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Chapter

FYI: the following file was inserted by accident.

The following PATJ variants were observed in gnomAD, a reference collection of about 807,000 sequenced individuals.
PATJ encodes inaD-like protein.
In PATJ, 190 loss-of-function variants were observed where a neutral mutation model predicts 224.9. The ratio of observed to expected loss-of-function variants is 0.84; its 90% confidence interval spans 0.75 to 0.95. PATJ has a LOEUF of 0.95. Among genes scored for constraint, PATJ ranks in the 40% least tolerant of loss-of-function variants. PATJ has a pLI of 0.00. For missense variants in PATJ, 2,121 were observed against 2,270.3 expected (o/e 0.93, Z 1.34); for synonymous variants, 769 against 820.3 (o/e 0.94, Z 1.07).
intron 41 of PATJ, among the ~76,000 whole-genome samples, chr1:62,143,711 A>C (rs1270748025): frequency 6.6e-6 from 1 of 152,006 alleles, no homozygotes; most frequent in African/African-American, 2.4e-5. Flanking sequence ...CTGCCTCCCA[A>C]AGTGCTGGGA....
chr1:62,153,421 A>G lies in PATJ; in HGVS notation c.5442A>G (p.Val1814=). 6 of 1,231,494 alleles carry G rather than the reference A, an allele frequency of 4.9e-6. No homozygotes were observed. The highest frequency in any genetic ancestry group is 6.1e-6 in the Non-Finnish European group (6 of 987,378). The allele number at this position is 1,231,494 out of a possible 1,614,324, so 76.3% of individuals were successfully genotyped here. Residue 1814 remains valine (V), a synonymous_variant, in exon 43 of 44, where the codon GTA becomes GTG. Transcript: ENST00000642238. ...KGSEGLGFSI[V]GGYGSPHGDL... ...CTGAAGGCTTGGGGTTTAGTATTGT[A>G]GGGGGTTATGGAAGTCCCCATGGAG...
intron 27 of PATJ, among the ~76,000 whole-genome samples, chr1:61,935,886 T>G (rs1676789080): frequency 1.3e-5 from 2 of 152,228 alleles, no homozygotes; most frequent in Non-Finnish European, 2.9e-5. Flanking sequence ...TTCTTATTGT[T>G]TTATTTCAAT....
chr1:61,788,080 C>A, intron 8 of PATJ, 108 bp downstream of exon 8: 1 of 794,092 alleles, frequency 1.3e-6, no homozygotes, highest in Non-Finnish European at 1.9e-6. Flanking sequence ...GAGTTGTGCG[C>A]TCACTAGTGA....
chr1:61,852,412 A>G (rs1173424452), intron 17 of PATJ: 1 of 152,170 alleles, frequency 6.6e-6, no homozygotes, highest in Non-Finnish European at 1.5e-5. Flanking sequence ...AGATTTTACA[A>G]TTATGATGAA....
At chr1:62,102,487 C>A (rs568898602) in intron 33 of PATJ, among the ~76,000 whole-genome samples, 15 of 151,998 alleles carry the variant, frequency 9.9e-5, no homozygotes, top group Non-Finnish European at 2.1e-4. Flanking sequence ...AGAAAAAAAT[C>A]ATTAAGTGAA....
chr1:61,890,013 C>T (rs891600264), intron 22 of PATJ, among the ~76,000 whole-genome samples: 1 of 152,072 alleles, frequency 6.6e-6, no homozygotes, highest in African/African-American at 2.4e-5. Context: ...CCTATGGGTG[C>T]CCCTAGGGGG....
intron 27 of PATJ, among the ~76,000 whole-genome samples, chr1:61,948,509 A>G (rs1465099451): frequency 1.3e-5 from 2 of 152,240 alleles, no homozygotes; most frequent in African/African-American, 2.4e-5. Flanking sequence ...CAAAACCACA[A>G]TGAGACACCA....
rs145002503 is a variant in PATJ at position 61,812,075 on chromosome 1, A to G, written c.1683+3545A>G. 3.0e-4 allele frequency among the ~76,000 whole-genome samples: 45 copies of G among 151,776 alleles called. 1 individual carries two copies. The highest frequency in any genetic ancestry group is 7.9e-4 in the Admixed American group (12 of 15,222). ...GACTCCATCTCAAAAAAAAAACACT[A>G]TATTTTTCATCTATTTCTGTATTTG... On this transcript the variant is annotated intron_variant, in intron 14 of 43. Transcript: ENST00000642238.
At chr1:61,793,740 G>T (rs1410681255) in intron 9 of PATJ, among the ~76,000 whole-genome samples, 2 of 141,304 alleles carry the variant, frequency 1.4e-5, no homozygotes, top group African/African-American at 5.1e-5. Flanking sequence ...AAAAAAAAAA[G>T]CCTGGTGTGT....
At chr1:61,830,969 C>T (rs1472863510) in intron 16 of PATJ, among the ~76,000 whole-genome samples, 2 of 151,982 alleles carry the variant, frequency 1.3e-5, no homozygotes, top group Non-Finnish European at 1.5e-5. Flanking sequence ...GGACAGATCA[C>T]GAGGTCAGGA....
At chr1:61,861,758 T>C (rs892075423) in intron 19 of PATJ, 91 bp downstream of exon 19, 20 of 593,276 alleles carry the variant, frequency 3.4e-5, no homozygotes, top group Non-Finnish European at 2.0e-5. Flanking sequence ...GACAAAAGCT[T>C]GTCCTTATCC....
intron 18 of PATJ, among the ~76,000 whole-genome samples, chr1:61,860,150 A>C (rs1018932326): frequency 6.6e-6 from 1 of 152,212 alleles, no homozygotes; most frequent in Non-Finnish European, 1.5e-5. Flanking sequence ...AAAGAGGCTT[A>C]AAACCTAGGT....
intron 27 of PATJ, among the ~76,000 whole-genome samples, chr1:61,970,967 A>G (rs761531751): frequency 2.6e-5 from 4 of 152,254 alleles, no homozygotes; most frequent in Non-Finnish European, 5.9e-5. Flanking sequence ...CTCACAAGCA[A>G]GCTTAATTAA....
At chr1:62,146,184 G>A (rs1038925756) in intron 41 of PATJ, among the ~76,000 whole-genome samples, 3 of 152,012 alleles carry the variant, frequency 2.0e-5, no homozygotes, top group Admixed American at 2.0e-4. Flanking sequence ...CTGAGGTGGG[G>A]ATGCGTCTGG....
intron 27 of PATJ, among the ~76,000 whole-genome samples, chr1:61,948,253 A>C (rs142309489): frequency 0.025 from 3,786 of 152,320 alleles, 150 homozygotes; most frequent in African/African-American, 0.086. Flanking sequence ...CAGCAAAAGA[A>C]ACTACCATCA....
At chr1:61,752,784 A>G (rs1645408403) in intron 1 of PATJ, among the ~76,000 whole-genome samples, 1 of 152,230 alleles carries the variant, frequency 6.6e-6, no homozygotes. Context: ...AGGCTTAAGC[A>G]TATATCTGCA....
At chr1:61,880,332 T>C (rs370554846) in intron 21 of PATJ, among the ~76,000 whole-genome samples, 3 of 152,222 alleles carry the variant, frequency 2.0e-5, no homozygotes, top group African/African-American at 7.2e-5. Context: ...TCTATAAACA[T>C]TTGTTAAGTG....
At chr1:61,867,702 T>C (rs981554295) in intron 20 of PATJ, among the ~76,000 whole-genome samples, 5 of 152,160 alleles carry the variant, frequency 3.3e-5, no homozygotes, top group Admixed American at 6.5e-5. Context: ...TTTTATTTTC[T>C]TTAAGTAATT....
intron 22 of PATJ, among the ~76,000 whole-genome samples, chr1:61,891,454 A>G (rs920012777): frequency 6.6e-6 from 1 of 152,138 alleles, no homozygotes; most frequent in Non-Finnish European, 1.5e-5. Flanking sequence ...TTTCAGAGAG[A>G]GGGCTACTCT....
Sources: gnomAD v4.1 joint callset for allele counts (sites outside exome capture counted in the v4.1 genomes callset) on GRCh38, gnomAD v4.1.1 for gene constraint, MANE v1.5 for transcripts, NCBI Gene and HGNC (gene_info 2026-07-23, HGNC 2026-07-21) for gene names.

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Effects of herbivory and competition on plant mortality and reproduction were compared on a hollow to ridge topographic gradient in an abandoned pasture. Plots with herbivores excluded and (or) vegetation removed were set up along with control plots in hollows and on ridges. Plants of three perennial forbs (Medicago lupulina L., Centaurea nigra L., Taraxacum officinale Weber.) that occurred naturally less often in hollows than on ridges were transplanted into plots. Transplant mortality and reproduction were recorded over a sixteen month period. Where transplants were not protected from herbivores and vegetation was left intact, significantly more plants died in hollows than on ridges. In contrast, none of the transplants protected from herbivores died either in hollows or on ridges. Removing vegetation did not affect the mortality of protected transplants. The number of inflorescences produced per transplant did not differ significantly between hollows and ridges when vegetation and (or) herbivores were present or absent. Results indicate that hollow-ridge variation in the frequency of the three forbs reflects differential mortality from herbivory rather than differential effects of competition on mortality or reproduction. These results support theories that consider differential herbivory to be a primary control of plant frequency on a gradient.